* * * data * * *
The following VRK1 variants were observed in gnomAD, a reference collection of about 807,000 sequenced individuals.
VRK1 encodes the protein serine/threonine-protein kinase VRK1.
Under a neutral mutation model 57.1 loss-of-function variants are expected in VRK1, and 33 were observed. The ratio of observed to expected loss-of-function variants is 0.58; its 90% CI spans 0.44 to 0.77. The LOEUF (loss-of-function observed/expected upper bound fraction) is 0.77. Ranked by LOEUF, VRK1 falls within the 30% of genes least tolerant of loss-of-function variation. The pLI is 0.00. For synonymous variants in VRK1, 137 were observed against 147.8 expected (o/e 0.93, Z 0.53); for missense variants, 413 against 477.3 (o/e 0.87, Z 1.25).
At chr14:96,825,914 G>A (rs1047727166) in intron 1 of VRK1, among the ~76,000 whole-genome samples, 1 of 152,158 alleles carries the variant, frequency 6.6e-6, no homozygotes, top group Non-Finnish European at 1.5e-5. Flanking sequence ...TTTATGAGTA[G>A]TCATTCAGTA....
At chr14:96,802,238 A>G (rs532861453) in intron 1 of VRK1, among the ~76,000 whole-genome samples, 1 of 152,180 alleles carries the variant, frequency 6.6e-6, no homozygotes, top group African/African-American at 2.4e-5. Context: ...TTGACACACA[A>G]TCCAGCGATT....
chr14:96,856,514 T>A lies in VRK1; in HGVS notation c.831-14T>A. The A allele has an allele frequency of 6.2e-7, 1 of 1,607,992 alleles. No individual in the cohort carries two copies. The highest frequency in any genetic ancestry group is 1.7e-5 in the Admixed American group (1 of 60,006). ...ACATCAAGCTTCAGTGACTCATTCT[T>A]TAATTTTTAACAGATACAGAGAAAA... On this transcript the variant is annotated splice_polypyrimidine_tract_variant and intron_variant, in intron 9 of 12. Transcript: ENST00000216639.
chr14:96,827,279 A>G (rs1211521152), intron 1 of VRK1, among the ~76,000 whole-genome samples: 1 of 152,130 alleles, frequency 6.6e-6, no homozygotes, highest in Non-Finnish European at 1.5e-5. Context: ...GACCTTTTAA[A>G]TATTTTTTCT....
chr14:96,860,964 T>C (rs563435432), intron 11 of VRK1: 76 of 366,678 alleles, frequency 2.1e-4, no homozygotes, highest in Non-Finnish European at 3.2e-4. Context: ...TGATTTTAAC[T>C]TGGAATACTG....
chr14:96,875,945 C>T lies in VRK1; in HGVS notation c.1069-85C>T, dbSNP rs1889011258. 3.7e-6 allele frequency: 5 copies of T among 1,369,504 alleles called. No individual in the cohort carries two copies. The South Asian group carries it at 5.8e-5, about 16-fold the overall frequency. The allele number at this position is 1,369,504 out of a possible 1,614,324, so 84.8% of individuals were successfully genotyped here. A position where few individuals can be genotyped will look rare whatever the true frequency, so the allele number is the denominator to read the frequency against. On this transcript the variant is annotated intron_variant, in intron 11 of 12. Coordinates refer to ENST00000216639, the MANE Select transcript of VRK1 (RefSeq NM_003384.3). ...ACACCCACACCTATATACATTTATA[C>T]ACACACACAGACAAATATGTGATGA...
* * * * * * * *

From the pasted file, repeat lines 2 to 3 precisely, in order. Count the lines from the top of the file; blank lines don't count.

VRK1 encodes the protein serine/threonine-protein kinase VRK1.
Under a neutral mutation model 57.1 loss-of-function variants are expected in VRK1, and 33 were observed. The ratio of observed to expected loss-of-function variants is 0.58; its 90% CI spans 0.44 to 0.77. The LOEUF (loss-of-function observed/expected upper bound fraction) is 0.77. Ranked by LOEUF, VRK1 falls within the 30% of genes least tolerant of loss-of-function variation. The pLI is 0.00. For synonymous variants in VRK1, 137 were observed against 147.8 expected (o/e 0.93, Z 0.53); for missense variants, 413 against 477.3 (o/e 0.87, Z 1.25).